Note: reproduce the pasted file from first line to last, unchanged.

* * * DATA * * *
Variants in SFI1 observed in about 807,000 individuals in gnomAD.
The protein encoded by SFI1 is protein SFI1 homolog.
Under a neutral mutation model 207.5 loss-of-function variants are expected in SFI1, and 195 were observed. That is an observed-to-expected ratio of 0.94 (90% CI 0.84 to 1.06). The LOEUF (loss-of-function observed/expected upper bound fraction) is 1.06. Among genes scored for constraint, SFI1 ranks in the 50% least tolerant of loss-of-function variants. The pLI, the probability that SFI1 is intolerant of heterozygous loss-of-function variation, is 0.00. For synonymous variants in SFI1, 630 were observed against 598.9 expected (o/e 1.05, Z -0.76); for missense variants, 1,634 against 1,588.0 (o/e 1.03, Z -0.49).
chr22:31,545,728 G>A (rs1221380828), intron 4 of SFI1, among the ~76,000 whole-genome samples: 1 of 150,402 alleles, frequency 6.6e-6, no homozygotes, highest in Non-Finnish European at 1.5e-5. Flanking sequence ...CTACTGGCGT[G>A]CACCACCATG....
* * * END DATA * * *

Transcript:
Variants in SFI1 observed in about 807,000 individuals in gnomAD.
The protein encoded by SFI1 is protein SFI1 homolog.
Under a neutral mutation model 207.5 loss-of-function variants are expected in SFI1, and 195 were observed. That is an observed-to-expected ratio of 0.94 (90% CI 0.84 to 1.06). The LOEUF (loss-of-function observed/expected upper bound fraction) is 1.06. Among genes scored for constraint, SFI1 ranks in the 50% least tolerant of loss-of-function variants. The pLI, the probability that SFI1 is intolerant of heterozygous loss-of-function variation, is 0.00. For synonymous variants in SFI1, 630 were observed against 598.9 expected (o/e 1.05, Z -0.76); for missense variants, 1,634 against 1,588.0 (o/e 1.03, Z -0.49).
chr22:31,545,728 G>A (rs1221380828), intron 4 of SFI1, among the ~76,000 whole-genome samples: 1 of 150,402 alleles, frequency 6.6e-6, no homozygotes, highest in Non-Finnish European at 1.5e-5. Flanking sequence ...CTACTGGCGT[G>A]CACCACCATG....